Kin Moy, is 5-0 with a recent victory over Matt Dohert. Moy is widely regarded as the man to beat in the 135 weight class.
1) When and why did you get into mma?
That’s a doozy of a question for me, as there was a lot that went into it. I’ve been doing martial arts since I was 9, but in a totally half-assed way. I would train once a week and think I was the shit. I was more into traditional martial arts at the time and one of my buddies showed me UFC, which got my attention — but not in the way you might think! I was always into the ‘style vs style’ question, so I liked the concept of an ‘anything goes’ type of match, BUT I couldn’t stand the grappling.
I was 16 or so when I first started watching MMA with my friend, and it really wasn’t because I enjoyed it; it was because I liked to critique it. “That grappling stuff wouldn’t work in a real fight!” “These guys suck at striking, why don’t they chamber their kicks?!” I was essentially one of those fantasy-land d-bags that drive me insane now…
But that all changed when I saw Anderson Silva destroy Chris Leben in his UFC debut. That opened my eyes to the beauty and artistry of combat sports. Fascinated by Anderson Silva, I decided that I had to see more of him, so I would watch UFC events that featured him. Eventually I began to like other fighters and slowly but surely, I actually grew to enjoy the sport itself. From there, the natural next step was to give it a shot myself!
2) Do you have a background in martial arts, boxing , wrestling etc?
I’ve trained (again, half-assed) in many different martial arts over the last 11 years. But, since I didn’t put enough time into it, I suck at almost all of them so there hasn’t been tons of carry over into MMA. I guess you could say that I have a slight background in striking, since I have been training it in one form or another for so long… But at the same time, if you condense all of that once-a-week-training that took place between the age of 9 and 17 (when I started training for real), it’d probably equal a year of intense training.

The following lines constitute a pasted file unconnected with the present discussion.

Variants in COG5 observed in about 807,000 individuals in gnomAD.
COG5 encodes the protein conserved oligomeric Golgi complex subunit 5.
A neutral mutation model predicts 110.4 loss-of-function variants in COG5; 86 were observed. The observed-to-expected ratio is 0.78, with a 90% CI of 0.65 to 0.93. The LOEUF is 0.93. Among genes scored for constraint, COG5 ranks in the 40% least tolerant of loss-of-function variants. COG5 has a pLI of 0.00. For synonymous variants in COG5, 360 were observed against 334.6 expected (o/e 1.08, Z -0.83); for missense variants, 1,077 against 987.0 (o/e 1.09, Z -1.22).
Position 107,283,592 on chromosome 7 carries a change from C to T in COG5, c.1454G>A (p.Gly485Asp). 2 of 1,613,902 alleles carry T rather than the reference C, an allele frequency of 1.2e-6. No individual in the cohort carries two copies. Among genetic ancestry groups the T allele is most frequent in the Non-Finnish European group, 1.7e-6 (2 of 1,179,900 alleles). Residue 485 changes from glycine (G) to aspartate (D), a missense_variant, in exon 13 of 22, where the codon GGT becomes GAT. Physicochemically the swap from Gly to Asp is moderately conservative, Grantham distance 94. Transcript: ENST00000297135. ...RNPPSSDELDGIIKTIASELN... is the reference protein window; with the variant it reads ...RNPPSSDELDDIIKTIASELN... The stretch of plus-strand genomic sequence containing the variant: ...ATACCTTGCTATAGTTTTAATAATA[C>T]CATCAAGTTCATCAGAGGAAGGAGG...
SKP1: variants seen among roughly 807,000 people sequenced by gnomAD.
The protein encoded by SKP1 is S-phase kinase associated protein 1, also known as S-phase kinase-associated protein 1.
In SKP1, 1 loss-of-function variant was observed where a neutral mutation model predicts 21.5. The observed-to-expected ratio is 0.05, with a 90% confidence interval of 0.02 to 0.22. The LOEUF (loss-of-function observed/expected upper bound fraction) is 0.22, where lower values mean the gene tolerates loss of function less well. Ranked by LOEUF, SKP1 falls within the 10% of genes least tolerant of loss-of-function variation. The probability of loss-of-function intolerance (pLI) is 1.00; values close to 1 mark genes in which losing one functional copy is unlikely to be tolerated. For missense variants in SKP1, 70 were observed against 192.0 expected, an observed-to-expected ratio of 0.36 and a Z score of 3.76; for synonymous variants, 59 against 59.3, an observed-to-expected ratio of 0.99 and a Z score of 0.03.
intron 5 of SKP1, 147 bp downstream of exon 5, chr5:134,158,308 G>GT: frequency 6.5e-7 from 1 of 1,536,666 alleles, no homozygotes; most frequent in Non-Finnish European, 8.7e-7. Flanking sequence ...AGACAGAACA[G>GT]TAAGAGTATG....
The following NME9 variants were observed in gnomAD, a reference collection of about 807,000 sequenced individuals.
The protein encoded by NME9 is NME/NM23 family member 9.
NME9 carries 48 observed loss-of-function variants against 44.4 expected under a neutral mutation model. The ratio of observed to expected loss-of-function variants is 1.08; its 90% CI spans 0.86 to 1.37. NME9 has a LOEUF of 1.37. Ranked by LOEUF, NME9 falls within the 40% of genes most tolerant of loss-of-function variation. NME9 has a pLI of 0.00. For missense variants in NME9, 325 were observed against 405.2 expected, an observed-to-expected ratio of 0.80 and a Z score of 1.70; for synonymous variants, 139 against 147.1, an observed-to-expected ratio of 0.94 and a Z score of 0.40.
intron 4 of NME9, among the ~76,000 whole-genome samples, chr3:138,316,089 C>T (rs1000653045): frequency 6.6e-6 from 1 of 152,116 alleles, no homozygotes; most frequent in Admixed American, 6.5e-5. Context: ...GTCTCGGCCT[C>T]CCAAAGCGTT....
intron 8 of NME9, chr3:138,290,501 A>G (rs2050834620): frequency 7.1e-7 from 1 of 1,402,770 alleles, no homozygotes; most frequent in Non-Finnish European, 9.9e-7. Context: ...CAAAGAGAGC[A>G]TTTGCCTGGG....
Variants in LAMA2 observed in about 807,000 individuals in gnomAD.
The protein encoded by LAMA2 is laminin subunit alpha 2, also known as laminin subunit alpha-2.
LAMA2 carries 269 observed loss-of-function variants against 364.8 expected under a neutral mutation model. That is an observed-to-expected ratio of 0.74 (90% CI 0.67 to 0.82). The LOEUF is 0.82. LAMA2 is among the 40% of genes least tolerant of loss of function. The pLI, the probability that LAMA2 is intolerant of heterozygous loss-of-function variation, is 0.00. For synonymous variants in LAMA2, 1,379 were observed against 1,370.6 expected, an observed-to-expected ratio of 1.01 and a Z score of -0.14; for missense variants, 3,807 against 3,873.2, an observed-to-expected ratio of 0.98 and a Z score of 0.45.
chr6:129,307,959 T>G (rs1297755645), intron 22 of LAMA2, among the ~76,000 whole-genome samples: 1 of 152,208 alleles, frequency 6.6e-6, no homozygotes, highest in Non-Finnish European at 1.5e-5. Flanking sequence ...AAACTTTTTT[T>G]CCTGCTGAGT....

I definitely don’t have the physical skills of someone that’s been striking since he was 9, but my conceptual understanding is pretty strong because of my ‘background.’ It’s definitely helped improve faster than I otherwise would.
3) What’s you nickname, how did you get it?
My nickname is ‘Kong.’ One of my teammate’s started calling me that because I so strongly objected to the generic ones like ‘killer-Kin.’ Not only does Kin ‘Kong’ roll off the tongue well, but there was definitely some ironic humor in the name because at the time, I was the smallest male fighter in the gym. Everyone else was at least 180+ and towering over me.
4) What are your ultimate goals in the sport?
My ultimate goal in the sport is to be the UFC 135 champion. I don’t know if I’ll ever be able to pull that off, but you might as well shoot for the stars right? I also hope to become a full-time instructor someday. I really love teaching and I have a real talent for it, if I do say so myself. I’m far better at passing on my knowledge of techniques than executing them. Unfortunately I don’t know shit — at least in the grand scheme of things! And that’s why I’ve got to earn myself some credentials first. So yeah, my goal is to get as far as I can in the sport and then train others to go even further.
5) What do you think about your next opponent?
My next opponent is Rico Disciullo and I think he’s freaking DANGEROUS! He’s fast, he’s explosive, and he hits like a sledgehammer. No hyperbole there — he literally broke his last opponent’s face with like 3 punches. On top of that, he’s from a really superb camp and has top-notch training partners.
There’s a lot of hype behind him right now because he’s made such short work of his opponent’s. He’s dangerous, for sure, but I still see him as untested. I am a huge step up in competition for him. And in a sense, he’s also a step up in competition for me.